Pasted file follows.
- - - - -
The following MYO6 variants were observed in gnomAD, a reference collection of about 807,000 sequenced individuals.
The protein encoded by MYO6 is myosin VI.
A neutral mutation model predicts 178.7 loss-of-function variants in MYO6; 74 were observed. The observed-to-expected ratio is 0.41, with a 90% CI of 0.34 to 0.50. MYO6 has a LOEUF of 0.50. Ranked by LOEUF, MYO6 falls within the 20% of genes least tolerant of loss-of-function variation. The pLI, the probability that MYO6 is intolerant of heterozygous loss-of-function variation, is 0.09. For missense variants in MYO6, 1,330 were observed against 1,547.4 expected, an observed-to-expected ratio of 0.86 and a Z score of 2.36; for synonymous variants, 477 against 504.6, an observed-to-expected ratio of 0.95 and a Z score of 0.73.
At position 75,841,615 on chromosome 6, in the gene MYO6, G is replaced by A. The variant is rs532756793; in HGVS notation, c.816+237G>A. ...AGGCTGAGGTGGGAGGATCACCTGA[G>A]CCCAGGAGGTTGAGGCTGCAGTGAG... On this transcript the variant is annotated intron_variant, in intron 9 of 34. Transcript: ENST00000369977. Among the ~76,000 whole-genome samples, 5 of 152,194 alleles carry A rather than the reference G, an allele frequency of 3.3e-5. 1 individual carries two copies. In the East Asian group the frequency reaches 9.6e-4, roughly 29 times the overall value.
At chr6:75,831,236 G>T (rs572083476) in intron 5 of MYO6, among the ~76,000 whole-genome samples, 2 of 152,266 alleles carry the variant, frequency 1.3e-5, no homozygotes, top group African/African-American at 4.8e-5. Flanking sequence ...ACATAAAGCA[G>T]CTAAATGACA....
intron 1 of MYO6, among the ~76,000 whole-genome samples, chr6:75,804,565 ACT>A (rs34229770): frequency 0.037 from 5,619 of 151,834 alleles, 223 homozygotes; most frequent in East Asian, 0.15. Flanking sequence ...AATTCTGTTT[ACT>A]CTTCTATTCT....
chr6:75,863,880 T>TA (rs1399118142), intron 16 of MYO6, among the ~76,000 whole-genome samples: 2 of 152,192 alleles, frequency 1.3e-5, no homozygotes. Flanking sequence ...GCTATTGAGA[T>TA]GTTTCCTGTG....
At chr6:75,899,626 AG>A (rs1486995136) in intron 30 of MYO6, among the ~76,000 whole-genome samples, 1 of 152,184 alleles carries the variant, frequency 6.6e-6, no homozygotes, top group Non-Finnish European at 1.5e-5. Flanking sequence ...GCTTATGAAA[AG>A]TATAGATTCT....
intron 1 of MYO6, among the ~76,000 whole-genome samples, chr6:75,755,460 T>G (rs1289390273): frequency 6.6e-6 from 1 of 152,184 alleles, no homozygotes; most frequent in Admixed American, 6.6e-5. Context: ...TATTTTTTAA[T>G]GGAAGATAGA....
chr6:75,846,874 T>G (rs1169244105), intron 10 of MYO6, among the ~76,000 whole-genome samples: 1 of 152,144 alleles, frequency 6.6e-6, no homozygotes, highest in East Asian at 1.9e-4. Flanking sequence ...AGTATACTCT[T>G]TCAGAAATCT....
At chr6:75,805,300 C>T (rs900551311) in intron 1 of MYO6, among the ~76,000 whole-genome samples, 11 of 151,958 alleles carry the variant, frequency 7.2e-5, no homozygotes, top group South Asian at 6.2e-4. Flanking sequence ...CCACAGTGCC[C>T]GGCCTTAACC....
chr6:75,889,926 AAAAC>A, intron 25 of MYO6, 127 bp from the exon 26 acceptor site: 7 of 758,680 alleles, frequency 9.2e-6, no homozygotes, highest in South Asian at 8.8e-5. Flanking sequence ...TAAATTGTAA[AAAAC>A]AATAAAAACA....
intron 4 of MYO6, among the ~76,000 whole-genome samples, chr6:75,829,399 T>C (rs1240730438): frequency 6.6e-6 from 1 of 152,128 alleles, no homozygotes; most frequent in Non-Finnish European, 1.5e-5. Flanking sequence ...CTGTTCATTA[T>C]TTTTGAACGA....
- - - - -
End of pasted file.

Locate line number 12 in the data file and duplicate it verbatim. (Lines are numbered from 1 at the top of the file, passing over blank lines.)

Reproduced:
chr6:75,889,926 AAAAC>A, intron 25 of MYO6, 127 bp from the exon 26 acceptor site: 7 of 758,680 alleles, frequency 9.2e-6, no homozygotes, highest in South Asian at 8.8e-5. Flanking sequence ...TAAATTGTAA[AAAAC>A]AATAAAAACA....